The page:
'Big Jack' Charlton, who sadly passed away on Friday 10 July 2020, will be remembered as a giant of the English game.
A true one-club man, Charlton made a club-record 773 appearances for Leeds United as a player and famously became a World Cup winner with his country in 1966.
He joined the Yorkshire club in 1950 at the age of 15, initially as part of the ground staff, before signing professional terms. His debut, against Doncaster Rovers on Saturday 25 April 1953, would be the beginning of 23 memorable years at Elland Road.
In the two decades that he represented Leeds, he would gain a reputation for becoming one of the game's all-time great central defenders, playing a key role in the Whites' most successful era.
Following two promotions to the First Division, 1968 saw Charlton lift the League Cup with victory over Arsenal, and he added to his personal collection with the Inter-Cities Fairs Cup, First Division title, Charity Shield and FA Cup in subsequent seasons.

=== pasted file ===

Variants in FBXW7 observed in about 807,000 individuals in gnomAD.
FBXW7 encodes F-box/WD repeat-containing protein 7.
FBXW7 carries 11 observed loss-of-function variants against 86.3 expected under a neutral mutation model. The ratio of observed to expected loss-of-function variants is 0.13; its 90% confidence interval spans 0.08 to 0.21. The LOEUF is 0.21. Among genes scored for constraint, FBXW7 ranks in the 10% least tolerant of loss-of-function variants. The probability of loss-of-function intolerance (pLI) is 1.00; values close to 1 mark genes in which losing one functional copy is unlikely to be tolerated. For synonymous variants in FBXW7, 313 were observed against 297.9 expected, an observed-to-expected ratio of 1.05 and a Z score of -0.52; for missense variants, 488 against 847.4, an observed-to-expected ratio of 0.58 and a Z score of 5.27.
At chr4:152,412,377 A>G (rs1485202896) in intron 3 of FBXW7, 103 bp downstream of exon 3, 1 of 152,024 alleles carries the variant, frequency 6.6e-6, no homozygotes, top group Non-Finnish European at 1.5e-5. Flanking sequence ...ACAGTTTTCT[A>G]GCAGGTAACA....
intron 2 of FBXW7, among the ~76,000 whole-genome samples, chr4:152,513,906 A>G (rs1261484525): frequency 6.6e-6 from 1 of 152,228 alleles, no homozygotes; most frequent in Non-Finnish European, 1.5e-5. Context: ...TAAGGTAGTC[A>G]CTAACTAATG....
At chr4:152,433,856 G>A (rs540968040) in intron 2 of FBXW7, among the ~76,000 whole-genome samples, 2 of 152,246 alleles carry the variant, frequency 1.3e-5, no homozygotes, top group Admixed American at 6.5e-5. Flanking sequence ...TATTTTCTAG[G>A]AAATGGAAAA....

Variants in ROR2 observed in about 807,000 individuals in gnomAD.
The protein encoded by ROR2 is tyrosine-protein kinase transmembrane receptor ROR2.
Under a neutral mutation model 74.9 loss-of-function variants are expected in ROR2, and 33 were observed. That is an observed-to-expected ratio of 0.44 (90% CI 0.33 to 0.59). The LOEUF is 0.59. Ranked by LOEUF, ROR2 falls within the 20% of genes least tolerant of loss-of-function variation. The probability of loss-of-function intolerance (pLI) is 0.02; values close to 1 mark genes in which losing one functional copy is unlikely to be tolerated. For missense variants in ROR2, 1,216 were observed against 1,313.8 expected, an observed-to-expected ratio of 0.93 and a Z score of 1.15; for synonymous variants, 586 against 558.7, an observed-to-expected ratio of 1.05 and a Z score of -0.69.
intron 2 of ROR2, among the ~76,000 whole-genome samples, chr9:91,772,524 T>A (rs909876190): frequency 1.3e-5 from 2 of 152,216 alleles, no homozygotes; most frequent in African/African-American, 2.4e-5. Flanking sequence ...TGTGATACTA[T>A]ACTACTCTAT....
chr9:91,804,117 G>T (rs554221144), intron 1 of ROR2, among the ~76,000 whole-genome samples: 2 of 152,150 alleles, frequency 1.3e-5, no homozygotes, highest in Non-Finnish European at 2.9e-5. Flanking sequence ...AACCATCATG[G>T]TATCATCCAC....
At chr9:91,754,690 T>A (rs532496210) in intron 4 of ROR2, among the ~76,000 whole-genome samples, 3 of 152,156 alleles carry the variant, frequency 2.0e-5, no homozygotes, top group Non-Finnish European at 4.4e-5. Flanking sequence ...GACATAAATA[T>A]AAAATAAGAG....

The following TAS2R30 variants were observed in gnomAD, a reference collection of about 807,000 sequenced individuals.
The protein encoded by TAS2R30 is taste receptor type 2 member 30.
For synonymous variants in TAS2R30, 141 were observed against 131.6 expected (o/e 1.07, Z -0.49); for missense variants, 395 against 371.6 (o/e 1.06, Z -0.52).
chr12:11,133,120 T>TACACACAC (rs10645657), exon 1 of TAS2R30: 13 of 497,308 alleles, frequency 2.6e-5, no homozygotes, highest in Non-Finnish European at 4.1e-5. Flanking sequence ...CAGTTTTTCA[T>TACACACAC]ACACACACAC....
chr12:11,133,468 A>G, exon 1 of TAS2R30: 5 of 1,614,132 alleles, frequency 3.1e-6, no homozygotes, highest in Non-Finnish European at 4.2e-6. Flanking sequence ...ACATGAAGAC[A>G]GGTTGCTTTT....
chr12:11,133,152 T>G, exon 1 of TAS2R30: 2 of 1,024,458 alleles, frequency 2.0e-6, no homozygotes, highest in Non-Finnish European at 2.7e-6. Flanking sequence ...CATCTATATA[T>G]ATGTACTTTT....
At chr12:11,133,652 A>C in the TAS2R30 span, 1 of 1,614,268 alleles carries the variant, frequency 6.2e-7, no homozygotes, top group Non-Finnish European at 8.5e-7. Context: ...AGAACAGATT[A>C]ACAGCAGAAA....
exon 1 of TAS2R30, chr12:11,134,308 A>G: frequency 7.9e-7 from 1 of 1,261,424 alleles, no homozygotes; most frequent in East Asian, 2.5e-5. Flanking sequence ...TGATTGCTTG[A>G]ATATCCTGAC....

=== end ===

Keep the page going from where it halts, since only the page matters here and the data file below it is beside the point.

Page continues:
A shining light for club and country, Charlton won his first England cap against Scotland in April 1965 and was part of Sir Alf Ramsay’s England World Cup squad a year later, playing every match during the 1966 tournament as the Three Lions went on to defeat West Germany in the Final.
A year later, the defender was named as the Football Writers' Association Footballer of the Year. His retirement came at the end of the 1972/73 campaign, following a record total of appearances and just shy of a century of goals for his beloved club.
Charlton was appointed an OBE in 1974, and would step into management with Middlesbrough, Sheffield Wednesday, Newcastle United and the Republic of Ireland.
His place in Leeds and England folklore is undisputed and he will rightly be remembered by the entire football family.